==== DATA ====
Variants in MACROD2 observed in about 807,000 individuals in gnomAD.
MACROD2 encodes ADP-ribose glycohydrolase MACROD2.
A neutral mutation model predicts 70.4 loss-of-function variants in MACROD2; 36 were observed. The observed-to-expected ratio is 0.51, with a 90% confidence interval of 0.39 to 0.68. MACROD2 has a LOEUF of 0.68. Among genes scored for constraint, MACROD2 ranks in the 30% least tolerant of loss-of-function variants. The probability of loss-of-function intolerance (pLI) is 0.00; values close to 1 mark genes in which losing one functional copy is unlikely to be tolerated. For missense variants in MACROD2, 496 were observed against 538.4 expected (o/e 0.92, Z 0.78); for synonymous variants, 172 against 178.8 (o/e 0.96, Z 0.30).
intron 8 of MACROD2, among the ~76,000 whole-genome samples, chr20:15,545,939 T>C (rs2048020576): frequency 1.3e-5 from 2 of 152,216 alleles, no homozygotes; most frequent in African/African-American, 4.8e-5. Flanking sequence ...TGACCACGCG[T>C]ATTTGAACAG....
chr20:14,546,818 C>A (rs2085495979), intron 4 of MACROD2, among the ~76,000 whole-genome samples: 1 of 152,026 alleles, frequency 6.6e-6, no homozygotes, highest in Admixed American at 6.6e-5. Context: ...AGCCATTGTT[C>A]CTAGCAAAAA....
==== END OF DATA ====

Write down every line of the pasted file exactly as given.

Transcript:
Variants in MACROD2 observed in about 807,000 individuals in gnomAD.
MACROD2 encodes ADP-ribose glycohydrolase MACROD2.
A neutral mutation model predicts 70.4 loss-of-function variants in MACROD2; 36 were observed. The observed-to-expected ratio is 0.51, with a 90% confidence interval of 0.39 to 0.68. MACROD2 has a LOEUF of 0.68. Among genes scored for constraint, MACROD2 ranks in the 30% least tolerant of loss-of-function variants. The probability of loss-of-function intolerance (pLI) is 0.00; values close to 1 mark genes in which losing one functional copy is unlikely to be tolerated. For missense variants in MACROD2, 496 were observed against 538.4 expected (o/e 0.92, Z 0.78); for synonymous variants, 172 against 178.8 (o/e 0.96, Z 0.30).
intron 8 of MACROD2, among the ~76,000 whole-genome samples, chr20:15,545,939 T>C (rs2048020576): frequency 1.3e-5 from 2 of 152,216 alleles, no homozygotes; most frequent in African/African-American, 4.8e-5. Flanking sequence ...TGACCACGCG[T>C]ATTTGAACAG....
chr20:14,546,818 C>A (rs2085495979), intron 4 of MACROD2, among the ~76,000 whole-genome samples: 1 of 152,026 alleles, frequency 6.6e-6, no homozygotes, highest in Admixed American at 6.6e-5. Context: ...AGCCATTGTT[C>A]CTAGCAAAAA....